Prosecuting an Either Way Offence
Either way offences have been discussed above and include theft, burglary and assault occasioning actual bodily harm. It is usual in prosecuting a defendant for an either way offence that a mode of trial hearing is scheduled in the magistrates’ court to determine whether the defendant should be tried summarily or on indictment. Before the mode of trial hearing there is a Plea before Venue procedure where the defendant is given the opportunity to indicate to the court how he intends to plead. In the event that the defendant indicates a guilty plea the magistrates must hear the case but can commit the defendant to the crown court for sentence.
A mode of trial enquiry is held where the defendant pleads not guilty or does not indicate a plea at this stage and magistrates must make an initial decision as to where the case should be tried. In order to consider this the magistrates will apply the guidelines in s19 MCA 1980 and the National Mode of Trial Guidelines and will consider the nature of the case, seriousness of the offence and in particular whether their maximum sentencing powers are likely to be sufficient. Aggravating factors that would lead to the case belong sent to the crown court include, premeditation, the vulnerability of the victim, any goods stolen or damage to property that is of a high value. For instance in the either offences involving theft and fraud the Mode of trial Guidelines suggest that they must be dealt with summarily unless the court considers that the following aggravating factors are present:
- Breach of trust by someone in authority
- Whether theft or fraud has been disguised in a sophisticated manner
- Whether committed by an organised gang
- High value of unrecovered property
- Vulnerable victims eg. Elderly or infirm
Where the magistrates decide that the either way offence should be tried summarily it is still the decision of the client to agree or to elect for a crown court trial. There are various disadvantages and advantages to being tried in the magistrates or the crown court so you must consider your client’s individual circumstances and the facts of the case when giving advice on this. A client who is nervous and not eligible for public funding may well be better suited to facing trial in the magistrates court than one who is publicly funded, has a good defence and feels fit to go through the more rigorous crown court proceedings.
The advantages of a crown court trial are:
- Higher acquittal rate: lawyers believe that a jury is more likely to acquit their client of the offence due to the fact that they approach the case from a layman’s viewpoint and are not legalistic or case hardened as with the magistrates
- Disputed evidence: the judge as a legal professional has more knowledge about rules of evidence and the fact that during the voir dire, where issues of admissibility are discussed, the jury are not in the court room means that they do not get to hear these arguments as opposed to the magistrates who hear arguments of admissibility and are required to ‘put them out of their mind’
- Delay: this can of course be both an advantage and a disadvantage. The advantage being you have more time to prepare your case and test the prosecution case.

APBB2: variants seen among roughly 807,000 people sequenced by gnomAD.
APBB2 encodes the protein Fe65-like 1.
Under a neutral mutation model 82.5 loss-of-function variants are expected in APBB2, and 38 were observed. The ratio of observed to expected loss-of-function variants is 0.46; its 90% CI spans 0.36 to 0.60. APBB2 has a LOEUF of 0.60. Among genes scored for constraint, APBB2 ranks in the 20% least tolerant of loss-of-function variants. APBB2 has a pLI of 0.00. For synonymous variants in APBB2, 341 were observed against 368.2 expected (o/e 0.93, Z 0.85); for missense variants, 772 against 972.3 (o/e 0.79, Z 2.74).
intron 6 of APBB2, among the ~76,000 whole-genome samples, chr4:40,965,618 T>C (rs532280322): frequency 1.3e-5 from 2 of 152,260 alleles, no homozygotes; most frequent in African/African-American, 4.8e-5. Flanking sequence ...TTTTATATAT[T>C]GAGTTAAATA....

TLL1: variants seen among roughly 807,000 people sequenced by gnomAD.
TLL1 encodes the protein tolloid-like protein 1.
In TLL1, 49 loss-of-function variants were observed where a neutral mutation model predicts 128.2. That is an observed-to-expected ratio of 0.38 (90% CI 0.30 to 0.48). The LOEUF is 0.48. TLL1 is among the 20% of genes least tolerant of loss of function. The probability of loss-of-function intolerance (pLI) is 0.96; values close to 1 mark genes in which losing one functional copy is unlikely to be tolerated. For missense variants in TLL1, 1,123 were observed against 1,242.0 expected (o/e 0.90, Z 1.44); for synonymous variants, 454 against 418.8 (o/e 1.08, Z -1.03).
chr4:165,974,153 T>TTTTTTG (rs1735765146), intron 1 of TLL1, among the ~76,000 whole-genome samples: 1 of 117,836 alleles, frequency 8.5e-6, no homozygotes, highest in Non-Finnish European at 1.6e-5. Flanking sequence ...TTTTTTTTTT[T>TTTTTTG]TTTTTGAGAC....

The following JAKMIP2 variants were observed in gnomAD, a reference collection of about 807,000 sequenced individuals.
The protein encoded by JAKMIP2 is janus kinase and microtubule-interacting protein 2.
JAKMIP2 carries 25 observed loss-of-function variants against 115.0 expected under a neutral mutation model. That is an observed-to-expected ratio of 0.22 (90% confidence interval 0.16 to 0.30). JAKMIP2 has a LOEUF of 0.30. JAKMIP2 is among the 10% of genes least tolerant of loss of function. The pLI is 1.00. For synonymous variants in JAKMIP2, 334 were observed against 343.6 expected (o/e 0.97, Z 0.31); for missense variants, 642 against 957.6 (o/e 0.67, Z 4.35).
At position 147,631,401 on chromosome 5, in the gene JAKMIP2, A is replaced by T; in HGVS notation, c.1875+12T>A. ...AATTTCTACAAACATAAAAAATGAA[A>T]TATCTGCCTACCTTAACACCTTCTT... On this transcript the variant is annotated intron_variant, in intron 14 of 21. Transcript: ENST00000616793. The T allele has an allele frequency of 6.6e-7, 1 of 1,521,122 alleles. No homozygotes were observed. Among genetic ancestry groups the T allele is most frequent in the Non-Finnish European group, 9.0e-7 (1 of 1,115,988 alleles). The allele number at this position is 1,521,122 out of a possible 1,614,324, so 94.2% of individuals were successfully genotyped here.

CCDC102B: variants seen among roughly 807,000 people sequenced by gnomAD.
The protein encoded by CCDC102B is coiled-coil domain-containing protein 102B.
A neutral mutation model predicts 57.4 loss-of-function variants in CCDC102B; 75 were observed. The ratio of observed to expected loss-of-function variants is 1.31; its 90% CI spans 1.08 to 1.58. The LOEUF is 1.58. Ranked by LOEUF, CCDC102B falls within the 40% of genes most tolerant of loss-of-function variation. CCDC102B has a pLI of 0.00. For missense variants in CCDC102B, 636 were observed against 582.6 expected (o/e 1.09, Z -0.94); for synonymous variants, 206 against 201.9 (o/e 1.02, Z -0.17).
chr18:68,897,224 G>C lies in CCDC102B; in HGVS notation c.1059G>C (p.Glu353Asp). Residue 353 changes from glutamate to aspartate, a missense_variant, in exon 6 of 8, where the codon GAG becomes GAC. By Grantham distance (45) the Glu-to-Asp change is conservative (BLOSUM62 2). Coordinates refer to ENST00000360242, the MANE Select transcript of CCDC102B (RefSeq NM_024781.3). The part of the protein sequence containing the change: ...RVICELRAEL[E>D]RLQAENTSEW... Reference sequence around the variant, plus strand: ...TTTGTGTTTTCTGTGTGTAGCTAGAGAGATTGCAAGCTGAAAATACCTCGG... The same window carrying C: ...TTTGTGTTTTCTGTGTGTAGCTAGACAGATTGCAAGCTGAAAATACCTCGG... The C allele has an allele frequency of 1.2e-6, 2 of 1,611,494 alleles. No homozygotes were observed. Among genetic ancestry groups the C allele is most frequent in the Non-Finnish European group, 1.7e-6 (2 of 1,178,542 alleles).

- Cost: there is a provision where by defence costs can be recovered under a Recovery of Defence Costs Order under r 11 of the Criminal Defence Service
- Powers of sentence: crown court powers of sentence including custody and fines are greater so this will be an important factor to bear in mind
- More lenient sentence as magistrates have less sentencing power than in the crown court
- Less delay if client in custody or is nervous and would lie to get the trial over with
- Publicity- crown court trial generally attract greater publicity
- Crown court trials are generally more stressful
- In summary proceedings there is no need for the defence to serve a defence statement as with crown court trials
After the mode of trial hearing where client has elected for the crown court or the magistrates have declined jurisdiction the case will be adjourned for 6-8 weeks after which there will be a committal hearing. Here the prosecution are required to submit a prima facie case against the accused. During the adjournment the defence solicitor should have received and considered the committal bundle from the prosecution setting out the prima facie case. These papers should include a list and copies of the evidence that the prosecution would seek to rely on which would include witness statements and exhibits and also a copy of the draft indictment. There are two types of committal hearings, with or without consideration of the evidence.
Committal hearing with consideration of the evidence: Usually this will be held if the defendant is not represented or his solicitor wishes to make representations of no case to answer. Live evidence is not called and the prosecution can only read from witness statements. The charge is read to the defendant and the prosecution must establish a prima facie case against him.
Committal without consideration of the evidence : Largely administrative. The charge is read to the defendant who is not expected to plead. The defence solicitor must ensure that all the evidence has been correctly served and the case is sent to the crown court.
Other issues to be dealt with upon committal
- Case management directions: a date will be set for the Plea and Case Management hearing. The standard direction will be given for service of initial disclosure, defence statement, notification of which prosecution witnesses the defence wishes to attend trial
- Bail: your client would more than likely already be on bail therefore bail should be extended to cover the crown court proceedings
- Disclosure: the prosecution must serve used and unused material and defence must make any objections to witness statements being read at trial
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